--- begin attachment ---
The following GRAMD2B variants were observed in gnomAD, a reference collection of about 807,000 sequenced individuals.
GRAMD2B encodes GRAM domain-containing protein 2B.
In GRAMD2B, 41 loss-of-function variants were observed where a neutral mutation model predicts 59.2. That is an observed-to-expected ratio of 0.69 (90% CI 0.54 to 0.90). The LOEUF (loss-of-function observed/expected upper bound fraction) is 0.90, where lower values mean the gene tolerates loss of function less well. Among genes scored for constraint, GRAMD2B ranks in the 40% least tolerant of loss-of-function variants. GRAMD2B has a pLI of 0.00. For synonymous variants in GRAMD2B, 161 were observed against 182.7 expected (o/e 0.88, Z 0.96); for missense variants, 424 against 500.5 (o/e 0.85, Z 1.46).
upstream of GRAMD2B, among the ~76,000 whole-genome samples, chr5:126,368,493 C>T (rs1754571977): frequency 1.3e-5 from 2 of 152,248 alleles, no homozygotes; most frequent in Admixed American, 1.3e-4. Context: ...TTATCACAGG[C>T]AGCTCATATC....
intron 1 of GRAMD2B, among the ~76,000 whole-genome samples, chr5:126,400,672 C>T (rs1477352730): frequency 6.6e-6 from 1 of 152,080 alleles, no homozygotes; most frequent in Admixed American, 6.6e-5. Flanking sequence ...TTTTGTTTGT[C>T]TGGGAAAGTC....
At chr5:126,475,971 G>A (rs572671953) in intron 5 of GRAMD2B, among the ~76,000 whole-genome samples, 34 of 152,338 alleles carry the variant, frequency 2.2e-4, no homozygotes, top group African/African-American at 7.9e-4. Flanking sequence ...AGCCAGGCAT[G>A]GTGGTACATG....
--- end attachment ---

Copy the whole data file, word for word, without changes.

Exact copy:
The following GRAMD2B variants were observed in gnomAD, a reference collection of about 807,000 sequenced individuals.
GRAMD2B encodes GRAM domain-containing protein 2B.
In GRAMD2B, 41 loss-of-function variants were observed where a neutral mutation model predicts 59.2. That is an observed-to-expected ratio of 0.69 (90% CI 0.54 to 0.90). The LOEUF (loss-of-function observed/expected upper bound fraction) is 0.90, where lower values mean the gene tolerates loss of function less well. Among genes scored for constraint, GRAMD2B ranks in the 40% least tolerant of loss-of-function variants. GRAMD2B has a pLI of 0.00. For synonymous variants in GRAMD2B, 161 were observed against 182.7 expected (o/e 0.88, Z 0.96); for missense variants, 424 against 500.5 (o/e 0.85, Z 1.46).
upstream of GRAMD2B, among the ~76,000 whole-genome samples, chr5:126,368,493 C>T (rs1754571977): frequency 1.3e-5 from 2 of 152,248 alleles, no homozygotes; most frequent in Admixed American, 1.3e-4. Context: ...TTATCACAGG[C>T]AGCTCATATC....
intron 1 of GRAMD2B, among the ~76,000 whole-genome samples, chr5:126,400,672 C>T (rs1477352730): frequency 6.6e-6 from 1 of 152,080 alleles, no homozygotes; most frequent in Admixed American, 6.6e-5. Flanking sequence ...TTTTGTTTGT[C>T]TGGGAAAGTC....
At chr5:126,475,971 G>A (rs572671953) in intron 5 of GRAMD2B, among the ~76,000 whole-genome samples, 34 of 152,338 alleles carry the variant, frequency 2.2e-4, no homozygotes, top group African/African-American at 7.9e-4. Flanking sequence ...AGCCAGGCAT[G>A]GTGGTACATG....